Other cases presented more perplexing findings, and the given researchers at times conceded that the incident remains unexplained.
For example, in 1965, Gemini VII astronaut Frank Borman, who had logged 330 hours in space, told ground control that a “bogey” was flying “at 10 o’Clock high” in formation with his spacecraft. Borman distinguished it from “space debris,” and his crew mate James Lovell, who would achieve 425 hours in space, corroborated the sighting. Condon Committee principal investigator and astrophysicist Franklin Roach listed this sighting along with two from Gemini IV astronaut James McDivitt as the only incidents to remain inadequately explained among the dozens of reports from astronauts on curious phenomena.¹⁰
Another unexplained case took place near Greenwich, U.K., where in 1956 a control tower on a joint U.S. Air Force and U.K. Royal Air Force base picked up a hovering object on its radar. The base scrambled two RAF planes to intercept. The first plane to near the object locked guns on it, at which point, according to the pilot of the second plane and continuous radar records from the tower, the object swooped around to the tail of the first plane. The object now appeared to be two objects that moved as though “glued” to the first plane, pursuing it closely despite evasive maneuvers until, after ten minutes, the object, once again singular, resumed hovering. The object was now out of radar range. The pilot of the first plane reported engine malfunction. The planes returned to base.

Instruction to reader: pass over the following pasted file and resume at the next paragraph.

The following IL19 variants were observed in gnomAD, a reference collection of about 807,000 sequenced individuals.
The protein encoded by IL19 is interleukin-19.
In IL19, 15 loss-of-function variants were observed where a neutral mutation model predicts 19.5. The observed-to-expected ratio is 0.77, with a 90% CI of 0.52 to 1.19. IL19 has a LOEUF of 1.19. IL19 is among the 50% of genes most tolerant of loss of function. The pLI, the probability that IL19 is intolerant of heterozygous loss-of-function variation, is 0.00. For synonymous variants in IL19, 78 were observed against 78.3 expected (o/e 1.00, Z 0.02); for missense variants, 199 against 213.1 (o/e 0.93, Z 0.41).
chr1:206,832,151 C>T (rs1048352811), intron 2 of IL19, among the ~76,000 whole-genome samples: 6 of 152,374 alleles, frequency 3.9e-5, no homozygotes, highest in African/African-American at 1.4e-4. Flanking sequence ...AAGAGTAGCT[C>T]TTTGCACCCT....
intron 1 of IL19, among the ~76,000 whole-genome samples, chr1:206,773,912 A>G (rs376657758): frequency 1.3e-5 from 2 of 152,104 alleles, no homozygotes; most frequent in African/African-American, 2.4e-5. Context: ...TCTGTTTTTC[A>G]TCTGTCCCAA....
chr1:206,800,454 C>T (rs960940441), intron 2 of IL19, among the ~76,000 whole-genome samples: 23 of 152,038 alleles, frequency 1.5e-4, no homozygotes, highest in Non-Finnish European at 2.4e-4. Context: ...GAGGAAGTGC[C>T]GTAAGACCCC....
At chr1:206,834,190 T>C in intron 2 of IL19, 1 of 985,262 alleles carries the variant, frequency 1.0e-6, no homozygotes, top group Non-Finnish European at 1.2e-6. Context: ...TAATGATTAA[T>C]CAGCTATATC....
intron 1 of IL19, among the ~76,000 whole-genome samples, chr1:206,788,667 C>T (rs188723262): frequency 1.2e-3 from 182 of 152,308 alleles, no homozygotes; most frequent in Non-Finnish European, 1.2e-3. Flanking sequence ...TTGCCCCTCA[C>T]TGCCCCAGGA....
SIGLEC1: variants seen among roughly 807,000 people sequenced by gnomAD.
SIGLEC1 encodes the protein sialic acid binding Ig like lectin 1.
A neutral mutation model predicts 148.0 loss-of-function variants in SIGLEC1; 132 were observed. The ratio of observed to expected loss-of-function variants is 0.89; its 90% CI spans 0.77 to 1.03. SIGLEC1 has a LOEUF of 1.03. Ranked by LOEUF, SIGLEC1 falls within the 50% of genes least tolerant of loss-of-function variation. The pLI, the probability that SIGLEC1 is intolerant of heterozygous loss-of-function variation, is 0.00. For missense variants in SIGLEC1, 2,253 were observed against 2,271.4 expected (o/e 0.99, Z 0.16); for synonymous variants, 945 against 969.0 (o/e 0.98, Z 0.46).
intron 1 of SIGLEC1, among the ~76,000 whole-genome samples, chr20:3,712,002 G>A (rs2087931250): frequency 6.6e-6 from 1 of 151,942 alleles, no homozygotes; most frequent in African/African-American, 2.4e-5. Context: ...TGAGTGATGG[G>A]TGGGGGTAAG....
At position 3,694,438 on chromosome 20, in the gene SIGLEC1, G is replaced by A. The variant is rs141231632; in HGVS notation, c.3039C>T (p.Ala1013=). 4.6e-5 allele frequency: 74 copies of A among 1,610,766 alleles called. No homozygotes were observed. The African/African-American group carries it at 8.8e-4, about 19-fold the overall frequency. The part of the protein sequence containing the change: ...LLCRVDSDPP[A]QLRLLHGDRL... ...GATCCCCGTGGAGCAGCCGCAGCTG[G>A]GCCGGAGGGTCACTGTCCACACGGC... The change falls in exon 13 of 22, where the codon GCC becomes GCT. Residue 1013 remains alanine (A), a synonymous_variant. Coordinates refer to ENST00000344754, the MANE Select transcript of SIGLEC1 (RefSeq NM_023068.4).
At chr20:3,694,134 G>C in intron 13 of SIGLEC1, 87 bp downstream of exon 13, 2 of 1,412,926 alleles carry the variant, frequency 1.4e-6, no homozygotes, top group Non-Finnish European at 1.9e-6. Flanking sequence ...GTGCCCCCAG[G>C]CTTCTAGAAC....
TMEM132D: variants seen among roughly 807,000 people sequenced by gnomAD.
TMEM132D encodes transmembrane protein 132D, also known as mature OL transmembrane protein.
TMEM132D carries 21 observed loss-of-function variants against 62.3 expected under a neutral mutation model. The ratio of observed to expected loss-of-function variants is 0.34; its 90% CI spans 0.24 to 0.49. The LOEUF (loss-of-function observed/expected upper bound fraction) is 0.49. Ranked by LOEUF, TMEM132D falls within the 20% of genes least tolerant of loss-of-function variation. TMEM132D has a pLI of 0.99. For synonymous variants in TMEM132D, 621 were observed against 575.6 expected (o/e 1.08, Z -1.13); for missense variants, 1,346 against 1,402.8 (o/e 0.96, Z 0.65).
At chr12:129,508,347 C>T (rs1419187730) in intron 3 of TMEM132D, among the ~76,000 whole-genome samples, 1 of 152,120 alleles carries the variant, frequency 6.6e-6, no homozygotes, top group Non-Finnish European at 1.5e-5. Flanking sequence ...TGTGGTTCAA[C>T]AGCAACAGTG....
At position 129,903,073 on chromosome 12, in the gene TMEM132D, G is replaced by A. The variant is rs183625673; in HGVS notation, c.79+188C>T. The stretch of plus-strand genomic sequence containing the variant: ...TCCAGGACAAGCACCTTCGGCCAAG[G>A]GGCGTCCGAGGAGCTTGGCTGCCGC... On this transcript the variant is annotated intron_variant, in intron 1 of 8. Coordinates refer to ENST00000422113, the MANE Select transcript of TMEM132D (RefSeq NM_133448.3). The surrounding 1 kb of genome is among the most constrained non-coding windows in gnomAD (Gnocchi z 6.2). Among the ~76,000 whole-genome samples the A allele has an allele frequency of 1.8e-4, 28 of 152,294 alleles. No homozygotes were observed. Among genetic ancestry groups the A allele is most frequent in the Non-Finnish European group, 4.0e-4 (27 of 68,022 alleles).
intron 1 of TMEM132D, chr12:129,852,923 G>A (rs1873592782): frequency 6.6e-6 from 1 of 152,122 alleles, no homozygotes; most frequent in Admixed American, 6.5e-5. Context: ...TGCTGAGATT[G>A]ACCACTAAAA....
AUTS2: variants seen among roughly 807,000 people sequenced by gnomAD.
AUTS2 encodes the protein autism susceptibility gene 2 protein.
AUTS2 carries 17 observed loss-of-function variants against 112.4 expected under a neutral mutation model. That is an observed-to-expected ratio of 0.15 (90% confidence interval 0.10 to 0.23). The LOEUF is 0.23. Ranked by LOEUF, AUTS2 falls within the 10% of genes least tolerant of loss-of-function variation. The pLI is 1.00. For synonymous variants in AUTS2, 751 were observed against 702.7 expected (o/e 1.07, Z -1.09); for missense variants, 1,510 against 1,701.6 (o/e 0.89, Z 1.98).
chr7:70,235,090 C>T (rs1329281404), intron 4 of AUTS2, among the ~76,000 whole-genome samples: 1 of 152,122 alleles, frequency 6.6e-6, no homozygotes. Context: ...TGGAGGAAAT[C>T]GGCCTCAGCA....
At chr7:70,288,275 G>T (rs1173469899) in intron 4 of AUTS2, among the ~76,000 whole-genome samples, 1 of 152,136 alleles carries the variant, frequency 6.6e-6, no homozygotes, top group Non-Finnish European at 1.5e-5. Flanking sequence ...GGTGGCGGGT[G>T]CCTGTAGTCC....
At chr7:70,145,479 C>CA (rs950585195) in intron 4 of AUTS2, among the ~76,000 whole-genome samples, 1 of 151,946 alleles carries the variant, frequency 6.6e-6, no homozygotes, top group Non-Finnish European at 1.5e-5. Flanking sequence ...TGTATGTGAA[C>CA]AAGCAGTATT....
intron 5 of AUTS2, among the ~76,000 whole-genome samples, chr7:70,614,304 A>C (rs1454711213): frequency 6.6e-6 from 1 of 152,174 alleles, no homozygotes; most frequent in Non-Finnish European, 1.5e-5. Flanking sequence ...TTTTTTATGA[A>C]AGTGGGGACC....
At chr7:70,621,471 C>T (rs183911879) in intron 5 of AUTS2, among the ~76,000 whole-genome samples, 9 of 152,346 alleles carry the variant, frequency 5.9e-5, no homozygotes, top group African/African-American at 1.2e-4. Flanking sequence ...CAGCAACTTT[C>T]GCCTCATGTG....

The Condon Committee staff investigator concluded, “the probability that at least one genuine UFO was involved appears to be fairly high.”¹¹
In other cases, the Committee investigators offered explanations that mix explained phenomena with unexplained phenomena.
For instance, case number 6 details a sighting from 1966 that began with a young girl in the northeastern United States spotting a bright light from her window at 9pm in the evening. The girl informed her father, who was simultaneously contending with apparent electrical malfunction in the television. Shortly afterward, two neighbors spotted the light over a nearby high school. The light reportedly became three lights that darted back and forth over a field. More eyewitnesses gathered, some of whom later described the lights as objects with flat, metallic bottoms. One of the objects reportedly lowered to within 20 feet of the ground, causing onlookers to fear being crushed. The object allegedly rose up and tilted on edge. Police arrived and took part in the sighting, which by now had gone on for thirty minutes. The three objects left the area over the high school, and the police pursued until the objects again appeared as one, at which point it disappeared.
The Committee investigators attributed some of the sighting to the planet Jupiter.¹²
Finally, another category of sightings emerged in the case studies, one where the evidence offered is so confusing that little explanation was attempted.